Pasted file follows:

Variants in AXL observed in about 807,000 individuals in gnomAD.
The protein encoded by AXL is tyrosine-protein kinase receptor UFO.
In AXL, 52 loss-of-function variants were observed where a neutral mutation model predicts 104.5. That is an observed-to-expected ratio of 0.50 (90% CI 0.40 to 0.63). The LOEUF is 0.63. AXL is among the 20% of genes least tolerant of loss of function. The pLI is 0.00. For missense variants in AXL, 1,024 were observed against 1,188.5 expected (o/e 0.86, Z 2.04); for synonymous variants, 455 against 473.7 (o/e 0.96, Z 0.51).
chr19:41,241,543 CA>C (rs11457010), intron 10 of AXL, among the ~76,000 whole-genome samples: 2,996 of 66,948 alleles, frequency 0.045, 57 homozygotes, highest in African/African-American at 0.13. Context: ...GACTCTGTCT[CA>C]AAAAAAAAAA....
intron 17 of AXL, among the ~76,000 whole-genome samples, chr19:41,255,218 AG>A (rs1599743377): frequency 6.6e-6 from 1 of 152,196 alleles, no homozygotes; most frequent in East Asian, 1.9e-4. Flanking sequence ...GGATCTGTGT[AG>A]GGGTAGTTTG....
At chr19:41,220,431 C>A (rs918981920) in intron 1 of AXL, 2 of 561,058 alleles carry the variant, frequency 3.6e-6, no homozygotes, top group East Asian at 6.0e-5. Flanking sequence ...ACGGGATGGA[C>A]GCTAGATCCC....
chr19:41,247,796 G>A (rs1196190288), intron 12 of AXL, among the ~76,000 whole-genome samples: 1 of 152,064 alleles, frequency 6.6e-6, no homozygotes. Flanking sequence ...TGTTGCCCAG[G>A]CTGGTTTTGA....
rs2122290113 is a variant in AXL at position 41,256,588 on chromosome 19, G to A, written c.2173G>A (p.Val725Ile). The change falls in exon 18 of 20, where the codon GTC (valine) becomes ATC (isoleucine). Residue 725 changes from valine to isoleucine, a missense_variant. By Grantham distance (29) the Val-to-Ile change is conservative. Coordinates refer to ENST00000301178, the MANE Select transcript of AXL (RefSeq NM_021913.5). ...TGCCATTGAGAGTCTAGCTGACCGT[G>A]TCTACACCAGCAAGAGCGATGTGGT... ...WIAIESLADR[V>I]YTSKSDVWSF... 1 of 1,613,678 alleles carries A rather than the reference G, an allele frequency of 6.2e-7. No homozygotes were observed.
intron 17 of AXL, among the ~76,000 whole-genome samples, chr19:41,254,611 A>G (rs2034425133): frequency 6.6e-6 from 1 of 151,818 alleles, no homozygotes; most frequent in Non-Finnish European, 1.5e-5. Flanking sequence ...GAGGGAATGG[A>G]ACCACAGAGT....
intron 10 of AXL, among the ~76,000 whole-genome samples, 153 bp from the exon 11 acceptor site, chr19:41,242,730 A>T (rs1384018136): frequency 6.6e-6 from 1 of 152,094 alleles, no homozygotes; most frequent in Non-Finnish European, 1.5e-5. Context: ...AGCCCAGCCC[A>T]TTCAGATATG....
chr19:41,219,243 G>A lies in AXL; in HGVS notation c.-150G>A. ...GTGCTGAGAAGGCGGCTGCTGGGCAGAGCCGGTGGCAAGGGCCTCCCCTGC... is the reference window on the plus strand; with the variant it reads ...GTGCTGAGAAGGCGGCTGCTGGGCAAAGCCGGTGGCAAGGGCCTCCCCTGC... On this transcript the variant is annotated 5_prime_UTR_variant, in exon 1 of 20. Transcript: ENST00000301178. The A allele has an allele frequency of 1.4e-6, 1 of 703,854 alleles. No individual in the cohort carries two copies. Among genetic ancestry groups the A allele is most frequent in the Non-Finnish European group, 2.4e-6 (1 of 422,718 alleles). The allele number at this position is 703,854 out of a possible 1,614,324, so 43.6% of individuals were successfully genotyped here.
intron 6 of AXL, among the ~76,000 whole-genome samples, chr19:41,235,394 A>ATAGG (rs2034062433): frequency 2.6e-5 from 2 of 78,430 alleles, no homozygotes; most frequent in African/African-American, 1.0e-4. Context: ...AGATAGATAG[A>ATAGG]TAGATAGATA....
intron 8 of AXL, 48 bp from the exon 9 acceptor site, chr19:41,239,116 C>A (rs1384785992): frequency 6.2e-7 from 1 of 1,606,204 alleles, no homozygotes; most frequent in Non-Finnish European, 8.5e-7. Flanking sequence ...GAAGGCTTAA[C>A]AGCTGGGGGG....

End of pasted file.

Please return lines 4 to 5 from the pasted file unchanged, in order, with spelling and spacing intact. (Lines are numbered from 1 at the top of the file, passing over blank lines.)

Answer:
chr19:41,241,543 CA>C (rs11457010), intron 10 of AXL, among the ~76,000 whole-genome samples: 2,996 of 66,948 alleles, frequency 0.045, 57 homozygotes, highest in African/African-American at 0.13. Context: ...GACTCTGTCT[CA>C]AAAAAAAAAA....
intron 17 of AXL, among the ~76,000 whole-genome samples, chr19:41,255,218 AG>A (rs1599743377): frequency 6.6e-6 from 1 of 152,196 alleles, no homozygotes; most frequent in East Asian, 1.9e-4. Flanking sequence ...GGATCTGTGT[AG>A]GGGTAGTTTG....